The Connection Between Prosocial Spending Behaviour And Happiness

Prosocial spending can be defined as the act of spending ones money and/or time on other people. The positive effect that prosocial spending has on wellbeing has been a widely researched phenomenon, and it seems as though many agree on their conclusions. The following essay will compare four scientific journals and their approach to this topic. Each having their own methods, can help further explain if prosocial spending increases happiness. Writing a literature review is an important step for readers to be able to research about a topic which compares and evaluates information presented in empirical papers, and allows for further, easier, and more applicable analysis to the phenomenon. This essay will explore the differences and similarities of the articles arguments, methods, and their results about the research question of whether or not prosocial spending leads to increase in happiness.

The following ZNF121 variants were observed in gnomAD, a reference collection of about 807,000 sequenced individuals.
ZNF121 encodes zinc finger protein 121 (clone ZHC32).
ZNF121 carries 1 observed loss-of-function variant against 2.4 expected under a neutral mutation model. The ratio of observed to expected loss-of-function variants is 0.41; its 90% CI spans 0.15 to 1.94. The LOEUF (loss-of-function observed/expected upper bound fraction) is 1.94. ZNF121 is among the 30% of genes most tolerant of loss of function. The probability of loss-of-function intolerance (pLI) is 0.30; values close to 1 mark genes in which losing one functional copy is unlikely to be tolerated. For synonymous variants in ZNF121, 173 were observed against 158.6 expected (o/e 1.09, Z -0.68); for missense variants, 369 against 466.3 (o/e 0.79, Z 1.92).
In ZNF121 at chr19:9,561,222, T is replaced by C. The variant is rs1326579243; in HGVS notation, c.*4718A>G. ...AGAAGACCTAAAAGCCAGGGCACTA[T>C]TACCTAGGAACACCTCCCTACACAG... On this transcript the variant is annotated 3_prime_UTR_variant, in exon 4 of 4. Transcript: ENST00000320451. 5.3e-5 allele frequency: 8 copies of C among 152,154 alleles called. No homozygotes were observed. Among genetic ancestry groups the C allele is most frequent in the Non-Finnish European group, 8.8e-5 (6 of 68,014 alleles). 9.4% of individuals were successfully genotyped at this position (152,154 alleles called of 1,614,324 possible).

Literature Review

Although each article tackles the same topic, there are some alterations in what direction and specificity they undergo. Our first article could be seen as more of an overview. It covers the general question of spending money and promoting happiness, and concludes that “encouraging people to invest income in others rather than themselves may be worthwhile in the service of translating increased national wealth into increased national happiness”. To reach this conclusion, the researchers used 4 different studies to support their argument. Each of their studies was able to reach significant results and hence were used to reach their conclusion that prosocial spending leads to increased happiness. However, it is important to always show a little skepticism or criticism before being completely convinced of the researchers’ findings. For example, it has come to our attention that in one of the studies the researchers conducted, the participants were called through the phone in order to report their happiness. This is not an ideal method of conducting data, however given the fact that it included a very large and representative sample, not much can be said.